Monday, August 03, 2020

McClane Binge: Die Hard (1988)

Die Hard is the movie that launched a hundred cinematic knock-offs or so. 

John McTiernan’s blockbuster 1988 so dramatically and thoroughly revolutionized the action genre at the end of the eighties in fact that -- for at least half-a-decade -- virtually every new entry in the genre was described as “Die Hard in a (fill in the blank.)”

Movie-going audiences soon saw Die Hard on a Bus (Speed [1994]), Die Hard on a battleship (Under Siege [1992]), Die Hard on a Train (Under Siege 2 [1995), Die Hard on a Plane (Passenger 57 [1992], Executive Decision [1996]) and even Die Hard in a Hockey Stadium (Sudden Death [1995]).

The film is very closely based on novelist Roderick Thorp’s (1936-1999) literary work, Nothing Lasts Forever (1979), which in turn was inspired by the author’s viewing of The Towering Inferno (1974).

The novel concerns a retired detective, named Leland, who visits the L.A. high-rise HQ of a company called Klaxon Oil. He is there to visit his daughter Stephanie, for the Christmas party, when a German terrorist, Anton Gruber, takes seventy-four hostages.  

Many elements in the film, including a barefoot hero, the gun taped to the protagonist’s back, and the use of explosives in an elevator shaft, recur directly from Thorp's written words.

Rich in invention and humor, Die Hard (1988) succeeds on many levels, and remains today much more than a thrilling fusion of disaster film and thriller tropes.

First and foremost Die Hard is absolutely dazzling from a visual standpoint, in large part because director McTiernan eschews excessive and unnecessary cutting, and preserves the space or geography of the action by utilizing tilts, pans, and other, often extreme or sudden camera motions. 

Not only is the space of the action preserved in this fashion, but the rapid camera motion accelerates the film’s sense of pace.  

Our view of the action literally banks, turns and performs barrel rolls. It’s as if we’re seeing through the furtive eyes of the desperate hero, registering everything, everywhere, in an effort to endure and survive.

Secondly, for all its bells and whistles, Die Hard essentially boils down to a battle of wits between two evenly-matched opponents, one ruthless, intellectual and urbane (Alan Rickman’s Hans Gruber) and one wide open: Bruce Willis’s John McClane. 

At times it actually feels like a realization of destiny that these two resourceful, ingenious, determined characters should face each other, “mano e mano” at the Nakatomi Plaza. No other place in the world is tall enough for both of their egos and self-confidence, perhaps.

Yet in terms of its pure, psychic appeal, Die Hard is actually something more than a great and eminently satisfying action movie. 

It is undeniably a primal male wish-fulfillment fantasy that was forged in a time when masculinity was facing existential questions about its value and worth in the larger American culture.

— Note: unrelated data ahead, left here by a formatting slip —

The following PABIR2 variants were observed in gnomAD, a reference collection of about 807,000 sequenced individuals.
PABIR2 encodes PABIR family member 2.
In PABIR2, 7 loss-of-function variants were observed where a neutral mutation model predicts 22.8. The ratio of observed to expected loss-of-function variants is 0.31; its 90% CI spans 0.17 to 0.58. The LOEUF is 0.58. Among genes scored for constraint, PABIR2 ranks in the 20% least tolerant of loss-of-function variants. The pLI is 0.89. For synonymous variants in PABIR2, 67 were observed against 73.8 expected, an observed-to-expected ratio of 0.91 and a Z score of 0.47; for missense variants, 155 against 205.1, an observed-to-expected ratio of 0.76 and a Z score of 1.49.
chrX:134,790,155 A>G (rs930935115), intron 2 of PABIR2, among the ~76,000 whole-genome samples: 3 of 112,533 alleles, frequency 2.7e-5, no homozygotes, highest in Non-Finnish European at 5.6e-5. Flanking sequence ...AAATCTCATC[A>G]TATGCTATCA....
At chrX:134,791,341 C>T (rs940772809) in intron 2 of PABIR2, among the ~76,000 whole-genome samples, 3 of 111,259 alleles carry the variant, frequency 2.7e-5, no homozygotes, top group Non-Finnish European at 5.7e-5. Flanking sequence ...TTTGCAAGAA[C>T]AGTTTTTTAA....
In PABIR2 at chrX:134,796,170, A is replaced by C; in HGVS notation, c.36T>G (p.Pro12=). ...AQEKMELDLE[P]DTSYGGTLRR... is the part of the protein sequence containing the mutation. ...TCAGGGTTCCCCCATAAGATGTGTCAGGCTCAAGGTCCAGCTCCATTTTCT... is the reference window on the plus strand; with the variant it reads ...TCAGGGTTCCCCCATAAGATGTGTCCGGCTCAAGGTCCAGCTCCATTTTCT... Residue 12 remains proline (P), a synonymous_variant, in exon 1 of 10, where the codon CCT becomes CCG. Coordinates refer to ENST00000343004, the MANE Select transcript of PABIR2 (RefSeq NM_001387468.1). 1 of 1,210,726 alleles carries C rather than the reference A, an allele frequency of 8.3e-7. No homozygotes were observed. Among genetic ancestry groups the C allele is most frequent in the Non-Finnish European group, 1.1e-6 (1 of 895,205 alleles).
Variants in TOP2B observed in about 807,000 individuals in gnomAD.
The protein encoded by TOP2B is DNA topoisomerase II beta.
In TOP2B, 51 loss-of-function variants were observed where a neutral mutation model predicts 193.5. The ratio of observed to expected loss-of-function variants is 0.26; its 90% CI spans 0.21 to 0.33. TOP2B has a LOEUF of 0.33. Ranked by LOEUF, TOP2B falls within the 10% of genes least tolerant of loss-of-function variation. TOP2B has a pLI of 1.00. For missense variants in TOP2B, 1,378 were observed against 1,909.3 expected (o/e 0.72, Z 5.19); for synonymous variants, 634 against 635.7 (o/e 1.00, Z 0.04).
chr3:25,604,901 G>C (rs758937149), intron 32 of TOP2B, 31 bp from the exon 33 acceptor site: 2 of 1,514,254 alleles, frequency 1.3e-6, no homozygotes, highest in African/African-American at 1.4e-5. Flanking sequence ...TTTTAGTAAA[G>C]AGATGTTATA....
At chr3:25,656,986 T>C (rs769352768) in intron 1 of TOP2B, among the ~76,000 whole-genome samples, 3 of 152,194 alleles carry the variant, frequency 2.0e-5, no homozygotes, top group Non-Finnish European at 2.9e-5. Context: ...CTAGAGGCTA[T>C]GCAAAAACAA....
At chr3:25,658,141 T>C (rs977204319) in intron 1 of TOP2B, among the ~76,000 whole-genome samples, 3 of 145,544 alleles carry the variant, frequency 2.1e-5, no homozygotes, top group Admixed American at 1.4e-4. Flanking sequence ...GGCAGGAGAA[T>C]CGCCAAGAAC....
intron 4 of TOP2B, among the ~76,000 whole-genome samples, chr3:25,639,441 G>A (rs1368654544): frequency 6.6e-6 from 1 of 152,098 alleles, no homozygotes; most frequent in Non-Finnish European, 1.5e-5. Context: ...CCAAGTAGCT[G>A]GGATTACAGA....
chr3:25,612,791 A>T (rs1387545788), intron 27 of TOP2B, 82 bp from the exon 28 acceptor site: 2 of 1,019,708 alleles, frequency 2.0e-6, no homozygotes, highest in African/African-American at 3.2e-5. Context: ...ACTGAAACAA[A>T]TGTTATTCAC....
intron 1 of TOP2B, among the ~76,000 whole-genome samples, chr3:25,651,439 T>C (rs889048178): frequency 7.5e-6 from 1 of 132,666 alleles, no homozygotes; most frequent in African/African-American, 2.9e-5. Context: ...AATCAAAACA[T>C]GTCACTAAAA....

John McClane’s battle in this film is not simply to defeat Hans Gruber or rescue the hostages in Nakatomi Plaza, including his wife, Holly (Bonnie Bedelia).

No, his battle, as I hope to explain in this review, is to redeem himself as an alpha “male” and showcase his viability as such.  

Some might suggest that this leitmotif renders the film sexist in some way. I’m not here to make any particular conclusions or social judgments about that notion, only to draw your eye and your intellect to the argument the film crafts on both a visual and often sub-textual level.

“Just a fly in the ointment, Hans, just a monkey in the wrench, just a pain in the ass.”

For Christmas, the NYPD’s John McClane (Willis) flies to Los Angeles to be with his estranged wife, Holly (Bedelia) and his two children, John and Lucy. A limousine delivers him to the high-tech Nakatomi Plaza, where Holly works a successful and high-powered career executive.

When John and Holly reunite, they argue about their marriage, and the fact that Holly now uses her maiden name, Gennero, rather than her married name, McClane.

Their personal differences must wait, however, because a group of European terrorists led by Hans Gruber (Rickman) invade the building, cut the power, and take seventy-four Nakatomi employees hostage, including Holly.

John seizes an opportunity to escape the offices, into the larger building. Almost immediately, he begins taking on the terrorists, one-at-a-time, much to the irritation of the erudite, well-organized Gruber.

John also gets a call outside of the building for help, and ends up teaming via walkie-talkie with L.A. cop Al Powell (Reginald VelJohnson).

Before long, news crews, and the F.B.I. are also on the scene, but McClane is the only man on the inside of the building, the only man who can stop Gruber’s plan. 

That plan involves explosives, a bank vault and much deceit…

“It’s Christmas time, Theo. It’s a time for miracles.”

It is plain to see how Die Hard adopts many key elements from The Towering Inferno. There’s a rooftop rescue that goes awry in both productions, for example, a lot of fire, and the same central location: a Los Angeles high-rise building. In both productions, helicopters are destroyed too.

Die Hard takes that setting and those creative elements, however, and creates something new for the cinema, an action movie in which the hero is an “every man” who is outnumbered, out-gunned, and cut-off from authority He is tested quite egregiously, and must succeed based on nothing but his wits and his cunning. 

McClane is a man alone.

The highest plateau of film quality, for me, arises with the idea of visuals mirroring or reflecting thematic and narrative concepts. We see this idea play out in Die Hard as director John McTiernan deploys a kinetic, almost constantly-in-motion camera. Objects -- like a whirring table saw, for example -- loom suddenly in the foreground. Or the camera suddenly shifts on its axis, and goes plummeting down a basement staircase the viewer has not yet detected.